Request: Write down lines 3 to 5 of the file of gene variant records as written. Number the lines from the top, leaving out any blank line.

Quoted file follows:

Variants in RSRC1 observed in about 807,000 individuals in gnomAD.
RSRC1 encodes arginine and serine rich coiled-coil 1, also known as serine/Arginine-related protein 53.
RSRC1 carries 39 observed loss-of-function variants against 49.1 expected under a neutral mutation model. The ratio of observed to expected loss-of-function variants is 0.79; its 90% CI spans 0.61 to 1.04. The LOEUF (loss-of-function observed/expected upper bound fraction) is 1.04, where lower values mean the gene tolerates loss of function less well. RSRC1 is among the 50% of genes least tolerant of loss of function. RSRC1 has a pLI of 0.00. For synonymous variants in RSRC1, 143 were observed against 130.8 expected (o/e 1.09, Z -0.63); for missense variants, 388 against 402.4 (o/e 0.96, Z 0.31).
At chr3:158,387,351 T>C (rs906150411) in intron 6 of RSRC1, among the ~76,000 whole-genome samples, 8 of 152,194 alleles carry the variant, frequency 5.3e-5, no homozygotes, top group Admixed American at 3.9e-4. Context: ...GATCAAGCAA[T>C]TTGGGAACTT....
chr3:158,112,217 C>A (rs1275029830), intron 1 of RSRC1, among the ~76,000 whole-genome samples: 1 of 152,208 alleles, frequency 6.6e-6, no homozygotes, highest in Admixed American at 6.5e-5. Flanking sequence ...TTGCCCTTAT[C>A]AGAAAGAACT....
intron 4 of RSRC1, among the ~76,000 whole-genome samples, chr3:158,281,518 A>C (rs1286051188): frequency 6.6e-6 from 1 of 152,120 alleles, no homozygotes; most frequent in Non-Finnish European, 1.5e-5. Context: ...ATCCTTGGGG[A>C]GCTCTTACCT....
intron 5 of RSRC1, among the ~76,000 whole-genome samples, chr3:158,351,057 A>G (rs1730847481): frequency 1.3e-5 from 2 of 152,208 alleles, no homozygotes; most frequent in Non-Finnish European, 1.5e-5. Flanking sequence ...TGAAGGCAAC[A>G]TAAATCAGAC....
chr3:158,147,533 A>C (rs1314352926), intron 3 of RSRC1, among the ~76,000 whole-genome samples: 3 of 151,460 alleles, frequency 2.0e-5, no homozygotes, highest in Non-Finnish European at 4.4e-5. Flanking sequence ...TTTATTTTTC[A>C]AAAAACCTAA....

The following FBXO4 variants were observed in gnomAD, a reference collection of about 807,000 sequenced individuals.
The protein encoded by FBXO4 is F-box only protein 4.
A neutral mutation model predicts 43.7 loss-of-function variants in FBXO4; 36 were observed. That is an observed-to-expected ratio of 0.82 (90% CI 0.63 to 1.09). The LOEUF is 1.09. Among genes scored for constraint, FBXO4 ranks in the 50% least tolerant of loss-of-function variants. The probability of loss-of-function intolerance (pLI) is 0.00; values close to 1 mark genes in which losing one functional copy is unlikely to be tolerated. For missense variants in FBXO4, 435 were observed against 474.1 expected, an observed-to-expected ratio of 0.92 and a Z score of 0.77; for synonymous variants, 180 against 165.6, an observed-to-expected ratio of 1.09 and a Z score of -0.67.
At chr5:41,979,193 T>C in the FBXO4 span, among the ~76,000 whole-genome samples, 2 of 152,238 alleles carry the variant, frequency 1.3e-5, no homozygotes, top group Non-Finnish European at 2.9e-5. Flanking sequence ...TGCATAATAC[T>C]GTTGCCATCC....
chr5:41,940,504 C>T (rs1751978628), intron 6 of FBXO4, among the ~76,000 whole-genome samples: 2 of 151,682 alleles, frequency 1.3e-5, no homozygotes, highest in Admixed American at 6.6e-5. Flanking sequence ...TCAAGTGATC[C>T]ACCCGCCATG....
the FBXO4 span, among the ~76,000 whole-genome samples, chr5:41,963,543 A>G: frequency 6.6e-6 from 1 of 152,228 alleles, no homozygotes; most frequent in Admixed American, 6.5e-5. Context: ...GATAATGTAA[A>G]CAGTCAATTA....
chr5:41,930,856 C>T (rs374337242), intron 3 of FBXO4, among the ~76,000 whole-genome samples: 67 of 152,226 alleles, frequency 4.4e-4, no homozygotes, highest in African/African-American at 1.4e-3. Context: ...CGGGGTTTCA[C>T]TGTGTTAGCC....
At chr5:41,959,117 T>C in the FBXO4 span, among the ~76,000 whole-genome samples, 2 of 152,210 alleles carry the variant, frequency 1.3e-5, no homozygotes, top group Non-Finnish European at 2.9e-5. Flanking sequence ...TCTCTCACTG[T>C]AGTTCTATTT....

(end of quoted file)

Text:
RSRC1 carries 39 observed loss-of-function variants against 49.1 expected under a neutral mutation model. The ratio of observed to expected loss-of-function variants is 0.79; its 90% CI spans 0.61 to 1.04. The LOEUF (loss-of-function observed/expected upper bound fraction) is 1.04, where lower values mean the gene tolerates loss of function less well. RSRC1 is among the 50% of genes least tolerant of loss of function. RSRC1 has a pLI of 0.00. For synonymous variants in RSRC1, 143 were observed against 130.8 expected (o/e 1.09, Z -0.63); for missense variants, 388 against 402.4 (o/e 0.96, Z 0.31).
At chr3:158,387,351 T>C (rs906150411) in intron 6 of RSRC1, among the ~76,000 whole-genome samples, 8 of 152,194 alleles carry the variant, frequency 5.3e-5, no homozygotes, top group Admixed American at 3.9e-4. Context: ...GATCAAGCAA[T>C]TTGGGAACTT....
chr3:158,112,217 C>A (rs1275029830), intron 1 of RSRC1, among the ~76,000 whole-genome samples: 1 of 152,208 alleles, frequency 6.6e-6, no homozygotes, highest in Admixed American at 6.5e-5. Flanking sequence ...TTGCCCTTAT[C>A]AGAAAGAACT....